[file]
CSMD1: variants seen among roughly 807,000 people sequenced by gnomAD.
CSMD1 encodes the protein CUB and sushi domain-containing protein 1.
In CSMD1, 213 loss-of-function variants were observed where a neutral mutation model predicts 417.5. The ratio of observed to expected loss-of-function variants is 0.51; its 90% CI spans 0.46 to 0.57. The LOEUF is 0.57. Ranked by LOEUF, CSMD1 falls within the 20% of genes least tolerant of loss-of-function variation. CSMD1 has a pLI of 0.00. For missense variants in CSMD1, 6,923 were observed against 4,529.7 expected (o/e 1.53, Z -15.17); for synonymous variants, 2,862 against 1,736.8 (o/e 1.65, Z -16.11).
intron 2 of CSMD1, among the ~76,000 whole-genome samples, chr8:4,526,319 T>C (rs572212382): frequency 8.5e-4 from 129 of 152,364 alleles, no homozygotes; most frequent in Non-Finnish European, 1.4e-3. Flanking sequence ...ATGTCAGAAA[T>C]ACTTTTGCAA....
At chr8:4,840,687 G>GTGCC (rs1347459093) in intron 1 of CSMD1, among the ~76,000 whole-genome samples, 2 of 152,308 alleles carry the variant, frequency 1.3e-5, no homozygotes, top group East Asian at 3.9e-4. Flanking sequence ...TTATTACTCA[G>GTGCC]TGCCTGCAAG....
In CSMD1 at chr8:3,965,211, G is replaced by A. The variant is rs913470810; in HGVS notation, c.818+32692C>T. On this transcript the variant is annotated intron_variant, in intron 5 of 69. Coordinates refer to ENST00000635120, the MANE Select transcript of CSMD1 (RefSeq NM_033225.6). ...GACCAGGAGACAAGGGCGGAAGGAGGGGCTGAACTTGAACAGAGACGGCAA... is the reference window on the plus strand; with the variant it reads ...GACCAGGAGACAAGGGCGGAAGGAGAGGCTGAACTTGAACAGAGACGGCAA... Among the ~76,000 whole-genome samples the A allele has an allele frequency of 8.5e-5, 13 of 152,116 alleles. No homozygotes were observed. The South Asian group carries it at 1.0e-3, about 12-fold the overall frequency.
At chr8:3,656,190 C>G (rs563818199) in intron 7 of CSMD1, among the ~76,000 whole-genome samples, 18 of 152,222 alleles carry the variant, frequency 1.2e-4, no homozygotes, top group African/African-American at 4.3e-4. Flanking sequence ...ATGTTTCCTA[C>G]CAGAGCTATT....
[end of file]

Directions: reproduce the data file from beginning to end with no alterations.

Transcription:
CSMD1: variants seen among roughly 807,000 people sequenced by gnomAD.
CSMD1 encodes the protein CUB and sushi domain-containing protein 1.
In CSMD1, 213 loss-of-function variants were observed where a neutral mutation model predicts 417.5. The ratio of observed to expected loss-of-function variants is 0.51; its 90% CI spans 0.46 to 0.57. The LOEUF is 0.57. Ranked by LOEUF, CSMD1 falls within the 20% of genes least tolerant of loss-of-function variation. CSMD1 has a pLI of 0.00. For missense variants in CSMD1, 6,923 were observed against 4,529.7 expected (o/e 1.53, Z -15.17); for synonymous variants, 2,862 against 1,736.8 (o/e 1.65, Z -16.11).
intron 2 of CSMD1, among the ~76,000 whole-genome samples, chr8:4,526,319 T>C (rs572212382): frequency 8.5e-4 from 129 of 152,364 alleles, no homozygotes; most frequent in Non-Finnish European, 1.4e-3. Flanking sequence ...ATGTCAGAAA[T>C]ACTTTTGCAA....
At chr8:4,840,687 G>GTGCC (rs1347459093) in intron 1 of CSMD1, among the ~76,000 whole-genome samples, 2 of 152,308 alleles carry the variant, frequency 1.3e-5, no homozygotes, top group East Asian at 3.9e-4. Flanking sequence ...TTATTACTCA[G>GTGCC]TGCCTGCAAG....
In CSMD1 at chr8:3,965,211, G is replaced by A. The variant is rs913470810; in HGVS notation, c.818+32692C>T. On this transcript the variant is annotated intron_variant, in intron 5 of 69. Coordinates refer to ENST00000635120, the MANE Select transcript of CSMD1 (RefSeq NM_033225.6). ...GACCAGGAGACAAGGGCGGAAGGAGGGGCTGAACTTGAACAGAGACGGCAA... is the reference window on the plus strand; with the variant it reads ...GACCAGGAGACAAGGGCGGAAGGAGAGGCTGAACTTGAACAGAGACGGCAA... Among the ~76,000 whole-genome samples the A allele has an allele frequency of 8.5e-5, 13 of 152,116 alleles. No homozygotes were observed. The South Asian group carries it at 1.0e-3, about 12-fold the overall frequency.
At chr8:3,656,190 C>G (rs563818199) in intron 7 of CSMD1, among the ~76,000 whole-genome samples, 18 of 152,222 alleles carry the variant, frequency 1.2e-4, no homozygotes, top group African/African-American at 4.3e-4. Flanking sequence ...ATGTTTCCTA[C>G]CAGAGCTATT....